the right to carry their banner
bearing the proud slogan
"Better to die on one's feet tha
to live on one's knees."
On the evening of November 2
9, the University of Michiga
community will -have a uniqu
opportunity to learn about th
Mexican student movement an
related topics. Noted historian
and political activists from th
US and Mexico will speak i'
Schorling Auditorium in th
School of Education Building, a
part of a teach-in on "Mexico
Contours of Crisis." Among th
speakers will be Hecto
Marroquin, one of the leaders c
the student movement in th
early 1970s, who is fighting to b
allowed to reamin in the US, an
who fears for his life if he i
forcibly returned toMexico.
Mark Prejsnar is a rrenmbe
of the Ann Arbor Committe
for Human Rights in Latia
America.

dependent on her northern
neighbor in many ways.) Indeed,
by the 1970's, combined
unemployment and
underemployment affected over
50 per cent of the population.
The students' demands found
an echo in much of the rest of
society. The demonstrations held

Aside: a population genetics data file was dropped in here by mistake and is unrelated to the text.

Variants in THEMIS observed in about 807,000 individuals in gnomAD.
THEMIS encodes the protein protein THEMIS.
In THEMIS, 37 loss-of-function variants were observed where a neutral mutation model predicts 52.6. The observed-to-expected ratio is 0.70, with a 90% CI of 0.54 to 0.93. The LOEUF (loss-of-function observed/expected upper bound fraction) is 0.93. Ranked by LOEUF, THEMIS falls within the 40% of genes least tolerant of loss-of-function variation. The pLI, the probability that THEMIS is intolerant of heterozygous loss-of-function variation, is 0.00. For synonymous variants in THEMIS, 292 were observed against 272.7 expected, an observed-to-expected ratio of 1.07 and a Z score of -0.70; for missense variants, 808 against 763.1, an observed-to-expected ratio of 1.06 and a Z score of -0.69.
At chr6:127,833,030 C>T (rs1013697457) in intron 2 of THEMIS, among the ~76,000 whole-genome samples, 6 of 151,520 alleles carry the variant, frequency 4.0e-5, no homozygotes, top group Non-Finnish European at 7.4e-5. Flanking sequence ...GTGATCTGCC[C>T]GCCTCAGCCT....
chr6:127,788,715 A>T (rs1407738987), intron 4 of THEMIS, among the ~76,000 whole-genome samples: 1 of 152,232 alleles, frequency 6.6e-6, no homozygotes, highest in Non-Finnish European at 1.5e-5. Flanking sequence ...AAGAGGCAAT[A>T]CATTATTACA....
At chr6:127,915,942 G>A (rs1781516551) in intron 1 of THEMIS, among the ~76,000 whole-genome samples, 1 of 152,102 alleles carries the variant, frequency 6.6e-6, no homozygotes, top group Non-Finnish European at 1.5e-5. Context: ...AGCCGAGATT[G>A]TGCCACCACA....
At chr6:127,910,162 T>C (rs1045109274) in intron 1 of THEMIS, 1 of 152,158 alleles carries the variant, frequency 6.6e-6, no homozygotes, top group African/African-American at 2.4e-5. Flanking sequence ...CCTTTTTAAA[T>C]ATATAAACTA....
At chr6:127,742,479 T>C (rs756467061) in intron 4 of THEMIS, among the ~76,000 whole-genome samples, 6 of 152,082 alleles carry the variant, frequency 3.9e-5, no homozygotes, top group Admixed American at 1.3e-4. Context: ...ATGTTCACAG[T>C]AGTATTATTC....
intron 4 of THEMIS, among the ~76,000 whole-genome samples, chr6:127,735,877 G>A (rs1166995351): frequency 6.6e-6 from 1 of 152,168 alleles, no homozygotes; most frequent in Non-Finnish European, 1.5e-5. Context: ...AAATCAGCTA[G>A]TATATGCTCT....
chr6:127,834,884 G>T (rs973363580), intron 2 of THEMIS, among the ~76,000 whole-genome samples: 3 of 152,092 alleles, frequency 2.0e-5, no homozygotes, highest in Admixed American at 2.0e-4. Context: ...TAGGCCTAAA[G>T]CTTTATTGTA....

in the summer of 1968 drew over
200,000 people, many of them non-
students. Unions and groups of
workers at particular enterprises
tool out newspaper ads declaring
their solidarity with the students.
(Direct involvement, on the other
hand, was likely to cost people
their jobs, and so many shoed
away.) When student marches
were attacked in the streets of
Mexico City, housewives would
pour boiling water from their
apartment windows on the heads
of the police.
The climax came with

meeting in Atzcapotzalco; he
said he was a decent person, took
his uniform off, and stamped on
it, and then asked us for money to
go back to the part of the country
where he came from. He was so
angry that tears were streaming
down his face." (NACLA Report
on the Americans, Sept. - Oct.
1978, p. 21).
The '68 movement was
suppressed. But not until further
shootings had taken place,
together with mass arrests,
torture, and the covert murder of
student leaders, and the
organization by the government
of the Halcones ("Hawks"),
fascist-style gangs that would
mercilessly attack any student
demonstration. Yet the campus
movement only temporarily went
under.
In 1971 it emerged in a new
form. Teachers, researchers,

W15AT

OP)

1ti WOK: